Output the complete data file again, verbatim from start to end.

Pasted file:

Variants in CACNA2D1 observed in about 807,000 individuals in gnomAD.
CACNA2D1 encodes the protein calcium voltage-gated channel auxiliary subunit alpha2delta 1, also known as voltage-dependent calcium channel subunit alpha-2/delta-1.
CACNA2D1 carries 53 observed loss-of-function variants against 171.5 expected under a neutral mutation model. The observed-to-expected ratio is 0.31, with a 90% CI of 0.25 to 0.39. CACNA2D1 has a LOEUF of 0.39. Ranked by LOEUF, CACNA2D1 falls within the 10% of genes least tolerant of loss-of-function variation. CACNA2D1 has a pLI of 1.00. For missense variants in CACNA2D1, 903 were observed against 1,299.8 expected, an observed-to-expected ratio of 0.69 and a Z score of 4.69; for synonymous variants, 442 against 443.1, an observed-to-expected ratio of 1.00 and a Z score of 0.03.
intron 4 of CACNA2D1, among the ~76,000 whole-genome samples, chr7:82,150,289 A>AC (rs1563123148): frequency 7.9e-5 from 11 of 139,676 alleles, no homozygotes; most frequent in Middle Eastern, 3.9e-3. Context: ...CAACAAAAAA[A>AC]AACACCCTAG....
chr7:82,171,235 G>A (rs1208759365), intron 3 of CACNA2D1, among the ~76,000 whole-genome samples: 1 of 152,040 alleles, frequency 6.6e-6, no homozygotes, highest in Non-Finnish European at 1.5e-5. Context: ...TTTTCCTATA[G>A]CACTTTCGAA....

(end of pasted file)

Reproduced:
Variants in CACNA2D1 observed in about 807,000 individuals in gnomAD.
CACNA2D1 encodes the protein calcium voltage-gated channel auxiliary subunit alpha2delta 1, also known as voltage-dependent calcium channel subunit alpha-2/delta-1.
CACNA2D1 carries 53 observed loss-of-function variants against 171.5 expected under a neutral mutation model. The observed-to-expected ratio is 0.31, with a 90% CI of 0.25 to 0.39. CACNA2D1 has a LOEUF of 0.39. Ranked by LOEUF, CACNA2D1 falls within the 10% of genes least tolerant of loss-of-function variation. CACNA2D1 has a pLI of 1.00. For missense variants in CACNA2D1, 903 were observed against 1,299.8 expected, an observed-to-expected ratio of 0.69 and a Z score of 4.69; for synonymous variants, 442 against 443.1, an observed-to-expected ratio of 1.00 and a Z score of 0.03.
intron 4 of CACNA2D1, among the ~76,000 whole-genome samples, chr7:82,150,289 A>AC (rs1563123148): frequency 7.9e-5 from 11 of 139,676 alleles, no homozygotes; most frequent in Middle Eastern, 3.9e-3. Context: ...CAACAAAAAA[A>AC]AACACCCTAG....
chr7:82,171,235 G>A (rs1208759365), intron 3 of CACNA2D1, among the ~76,000 whole-genome samples: 1 of 152,040 alleles, frequency 6.6e-6, no homozygotes, highest in Non-Finnish European at 1.5e-5. Context: ...TTTTCCTATA[G>A]CACTTTCGAA....